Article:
Shocking way women are picking their bridesmaids

 

IT IS not the flowers or the perfect location that is forefront in the mind of a bride-to-be.

Will I look good in my dress? That's the big worry. And many go to great lengths to make sure no one outshines them.

New research shows that brides are so keen to be the star of the show on the big day that they choose bridesmaids based on body size.

One in 10 do not want size six, stunners lining up beside them as the cameras click and even request their bridesmaids do not lose weight. And another 10 per cent admit to choosing unflattering bridesmaid dresses.

An astonishing 46 per cent of millennial brides admit to crying when trying on their dress as they are disappointed with how they look.

As many as 15 per cent Gen Z women say they decided to have a smaller wedding as they didn't feel confident enough in their bodies to go big.

The survey on more than 1000 everyday Australians was carried out by Pure Profile and was commissioned by Jenny Craig highlights the stresses that come with the need to be insta-perfect.

"Weddings can be a stressful time for brides and the pressure to lose weight only adds to the enormous stressors they are exposed to in the lead up to their big day.

"It is important that brides feel supported during this time of their life and don't feel added pressure to succumb to crash diets which can have negative implications on one's health long-term," psychologist Dr Paula Robinson said.

Amy Gemmell on her wedding day.
Amy Gemmell on her wedding day.

Queensland woman Amy Gemmell is one of the 69 per cent of Australian women who go on a weight loss drive leading up to her wedding.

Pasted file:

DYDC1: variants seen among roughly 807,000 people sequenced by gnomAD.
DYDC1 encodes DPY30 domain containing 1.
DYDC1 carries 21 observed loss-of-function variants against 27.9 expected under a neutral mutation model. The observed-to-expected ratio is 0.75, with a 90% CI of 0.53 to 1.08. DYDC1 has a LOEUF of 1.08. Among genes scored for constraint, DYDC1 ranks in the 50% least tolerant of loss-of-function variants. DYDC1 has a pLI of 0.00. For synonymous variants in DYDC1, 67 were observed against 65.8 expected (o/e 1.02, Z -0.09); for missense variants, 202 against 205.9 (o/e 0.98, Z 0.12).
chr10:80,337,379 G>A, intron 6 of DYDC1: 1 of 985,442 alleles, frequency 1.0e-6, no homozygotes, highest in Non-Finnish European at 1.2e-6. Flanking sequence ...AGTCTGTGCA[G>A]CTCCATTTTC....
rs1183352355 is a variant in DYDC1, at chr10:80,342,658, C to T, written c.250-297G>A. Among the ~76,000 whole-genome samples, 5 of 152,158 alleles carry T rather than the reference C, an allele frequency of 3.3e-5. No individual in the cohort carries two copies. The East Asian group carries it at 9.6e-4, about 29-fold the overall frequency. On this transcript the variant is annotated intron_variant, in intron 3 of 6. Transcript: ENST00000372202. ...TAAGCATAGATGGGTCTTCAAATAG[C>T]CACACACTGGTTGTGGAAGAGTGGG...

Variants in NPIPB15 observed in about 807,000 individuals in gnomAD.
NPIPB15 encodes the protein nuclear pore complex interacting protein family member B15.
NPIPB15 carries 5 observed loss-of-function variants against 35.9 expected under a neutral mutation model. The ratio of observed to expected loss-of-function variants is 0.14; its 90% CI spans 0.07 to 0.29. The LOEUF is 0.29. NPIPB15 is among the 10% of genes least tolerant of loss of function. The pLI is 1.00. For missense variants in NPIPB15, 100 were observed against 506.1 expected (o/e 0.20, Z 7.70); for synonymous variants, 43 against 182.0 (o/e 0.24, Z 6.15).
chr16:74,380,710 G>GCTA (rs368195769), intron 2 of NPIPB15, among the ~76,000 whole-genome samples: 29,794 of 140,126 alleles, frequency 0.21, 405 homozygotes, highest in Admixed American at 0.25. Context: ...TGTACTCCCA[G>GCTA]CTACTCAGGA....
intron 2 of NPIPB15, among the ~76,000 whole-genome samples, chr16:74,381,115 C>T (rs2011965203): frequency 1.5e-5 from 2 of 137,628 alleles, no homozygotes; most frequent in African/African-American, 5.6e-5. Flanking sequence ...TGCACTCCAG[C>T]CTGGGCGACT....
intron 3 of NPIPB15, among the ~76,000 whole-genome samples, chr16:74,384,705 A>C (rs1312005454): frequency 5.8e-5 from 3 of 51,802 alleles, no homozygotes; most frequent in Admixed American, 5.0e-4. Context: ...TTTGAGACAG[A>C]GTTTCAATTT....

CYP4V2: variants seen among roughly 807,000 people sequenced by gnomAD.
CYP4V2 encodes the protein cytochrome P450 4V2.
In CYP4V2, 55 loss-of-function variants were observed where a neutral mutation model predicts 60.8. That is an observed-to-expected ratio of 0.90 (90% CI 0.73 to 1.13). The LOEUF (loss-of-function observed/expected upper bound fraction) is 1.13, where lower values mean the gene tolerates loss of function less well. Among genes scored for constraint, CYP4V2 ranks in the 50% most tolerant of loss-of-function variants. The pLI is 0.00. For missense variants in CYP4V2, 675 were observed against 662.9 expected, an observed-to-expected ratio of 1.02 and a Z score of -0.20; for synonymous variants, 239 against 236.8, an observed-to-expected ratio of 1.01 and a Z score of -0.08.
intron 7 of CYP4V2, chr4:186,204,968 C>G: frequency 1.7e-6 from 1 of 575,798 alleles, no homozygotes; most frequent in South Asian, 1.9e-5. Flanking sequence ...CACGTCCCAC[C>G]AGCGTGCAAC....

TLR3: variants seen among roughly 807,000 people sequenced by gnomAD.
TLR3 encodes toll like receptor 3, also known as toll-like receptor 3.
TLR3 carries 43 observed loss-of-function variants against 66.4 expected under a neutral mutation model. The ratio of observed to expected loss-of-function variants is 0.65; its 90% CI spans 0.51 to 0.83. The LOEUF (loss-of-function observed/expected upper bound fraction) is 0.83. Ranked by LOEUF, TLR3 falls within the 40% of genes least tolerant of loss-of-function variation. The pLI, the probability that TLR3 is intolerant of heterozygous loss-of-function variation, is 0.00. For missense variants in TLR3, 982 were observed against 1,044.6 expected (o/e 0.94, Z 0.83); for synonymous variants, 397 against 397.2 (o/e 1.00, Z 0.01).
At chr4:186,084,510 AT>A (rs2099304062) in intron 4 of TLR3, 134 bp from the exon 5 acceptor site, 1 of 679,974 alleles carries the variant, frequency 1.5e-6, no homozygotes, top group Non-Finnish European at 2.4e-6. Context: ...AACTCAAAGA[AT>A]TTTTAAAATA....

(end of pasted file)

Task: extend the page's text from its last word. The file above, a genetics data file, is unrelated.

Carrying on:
"I saw a photo of myself at a friend's wedding in a blue dress with my husband or then fiance Michael and that was the ah-ha moment. That photo shocked me into action," the new mum told The Sunday Mail.

"Every bride wants to feel great on the big day and in the end I did. I lost a total of 26 kilos and felt radiant and beautiful. I wasn't worried about the camera capturing a fat stomach. I was relaxed and confident and was so glad I had put all the work in," she said.

This is the photo that convinced Amy Gemmell, (with Michael), she must lose weight for her wedding.
This is the photo that convinced Amy Gemmell, (with Michael), she must lose weight for her wedding.

In the January of 2017 Michael proposed.

"I was at the heaviest I had ever been but he loved me regardless. Nevertheless, when he realised I was determined to drop the kilos he supported me all the way."

The couple married on April 26 last year.

Amy lost the first 20 kilos by eating Jenny Craig food she then switched to intermittent fasting where she would drink only water and a coffee for one or two days a week. The rest of the week she ate a healthy balanced diet.

"We had a small wedding with no adult bridesmaids. If I had chosen to have a big wedding I would have picked my good friend who is stunning. How I felt about myself after weight loss was not about comparing myself to anyone else. I did this for me," Amy said.

Amy Gemmell at home in South Ripley with her son Carter Muir, 5 months. Picture: AAP/John Gass
Amy Gemmell at home in South Ripley with her son Carter Muir, 5 months. Picture: AAP/John Gass

The couple now have a beautiful little boy, Carter.

"The weight loss helped me to get pregnant as I have been through some medical issues. So it's changed everything for the better," she said.

WEIGHT OF A WEDDING DAY

69 per cent of brides try to lose weight for big day

46 per cent brides cry when they try dress as unhappy with how they look

Millennial brides opt for intermittent fasting

One in 10 brides ask bridesmaids not to lose weight

55 per cent brides want to lose more than four kilos

One in four buy a dress that's too small to spark weight loss

One in 10 pick unflattering bridesmaid dresses